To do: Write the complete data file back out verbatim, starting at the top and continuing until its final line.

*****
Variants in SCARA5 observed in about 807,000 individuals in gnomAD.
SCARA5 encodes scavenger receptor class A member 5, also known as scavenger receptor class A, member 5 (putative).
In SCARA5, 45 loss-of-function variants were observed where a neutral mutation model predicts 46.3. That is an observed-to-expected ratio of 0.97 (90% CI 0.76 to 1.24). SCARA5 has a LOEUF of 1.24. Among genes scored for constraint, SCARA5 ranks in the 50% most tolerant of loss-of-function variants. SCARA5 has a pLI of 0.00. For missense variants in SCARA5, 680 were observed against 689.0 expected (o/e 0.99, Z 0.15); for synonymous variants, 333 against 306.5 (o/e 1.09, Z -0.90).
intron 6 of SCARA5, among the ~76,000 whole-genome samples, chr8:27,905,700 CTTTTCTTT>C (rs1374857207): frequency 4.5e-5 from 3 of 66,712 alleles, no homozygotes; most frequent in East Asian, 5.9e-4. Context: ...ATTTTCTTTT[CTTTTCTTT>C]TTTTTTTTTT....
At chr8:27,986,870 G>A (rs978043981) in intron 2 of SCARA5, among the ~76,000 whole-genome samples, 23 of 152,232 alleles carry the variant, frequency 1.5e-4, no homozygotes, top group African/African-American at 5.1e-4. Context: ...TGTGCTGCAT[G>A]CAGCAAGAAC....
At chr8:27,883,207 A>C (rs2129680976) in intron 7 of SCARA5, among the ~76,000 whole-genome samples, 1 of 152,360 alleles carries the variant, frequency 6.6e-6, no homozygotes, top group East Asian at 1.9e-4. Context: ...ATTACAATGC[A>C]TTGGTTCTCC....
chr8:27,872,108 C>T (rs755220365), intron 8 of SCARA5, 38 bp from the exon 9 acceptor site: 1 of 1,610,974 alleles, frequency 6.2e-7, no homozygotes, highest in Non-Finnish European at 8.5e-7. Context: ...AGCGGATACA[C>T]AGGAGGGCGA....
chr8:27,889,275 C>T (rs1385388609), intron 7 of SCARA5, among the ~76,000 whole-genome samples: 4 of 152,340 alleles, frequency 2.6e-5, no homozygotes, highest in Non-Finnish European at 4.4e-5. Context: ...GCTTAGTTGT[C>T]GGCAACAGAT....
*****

Variants in SCARA5 observed in about 807,000 individuals in gnomAD.
SCARA5 encodes scavenger receptor class A member 5, also known as scavenger receptor class A, member 5 (putative).
In SCARA5, 45 loss-of-function variants were observed where a neutral mutation model predicts 46.3. That is an observed-to-expected ratio of 0.97 (90% CI 0.76 to 1.24). SCARA5 has a LOEUF of 1.24. Among genes scored for constraint, SCARA5 ranks in the 50% most tolerant of loss-of-function variants. SCARA5 has a pLI of 0.00. For missense variants in SCARA5, 680 were observed against 689.0 expected (o/e 0.99, Z 0.15); for synonymous variants, 333 against 306.5 (o/e 1.09, Z -0.90).
intron 6 of SCARA5, among the ~76,000 whole-genome samples, chr8:27,905,700 CTTTTCTTT>C (rs1374857207): frequency 4.5e-5 from 3 of 66,712 alleles, no homozygotes; most frequent in East Asian, 5.9e-4. Context: ...ATTTTCTTTT[CTTTTCTTT>C]TTTTTTTTTT....
At chr8:27,986,870 G>A (rs978043981) in intron 2 of SCARA5, among the ~76,000 whole-genome samples, 23 of 152,232 alleles carry the variant, frequency 1.5e-4, no homozygotes, top group African/African-American at 5.1e-4. Context: ...TGTGCTGCAT[G>A]CAGCAAGAAC....
At chr8:27,883,207 A>C (rs2129680976) in intron 7 of SCARA5, among the ~76,000 whole-genome samples, 1 of 152,360 alleles carries the variant, frequency 6.6e-6, no homozygotes, top group East Asian at 1.9e-4. Context: ...ATTACAATGC[A>C]TTGGTTCTCC....
chr8:27,872,108 C>T (rs755220365), intron 8 of SCARA5, 38 bp from the exon 9 acceptor site: 1 of 1,610,974 alleles, frequency 6.2e-7, no homozygotes, highest in Non-Finnish European at 8.5e-7. Context: ...AGCGGATACA[C>T]AGGAGGGCGA....
chr8:27,889,275 C>T (rs1385388609), intron 7 of SCARA5, among the ~76,000 whole-genome samples: 4 of 152,340 alleles, frequency 2.6e-5, no homozygotes, highest in Non-Finnish European at 4.4e-5. Context: ...GCTTAGTTGT[C>T]GGCAACAGAT....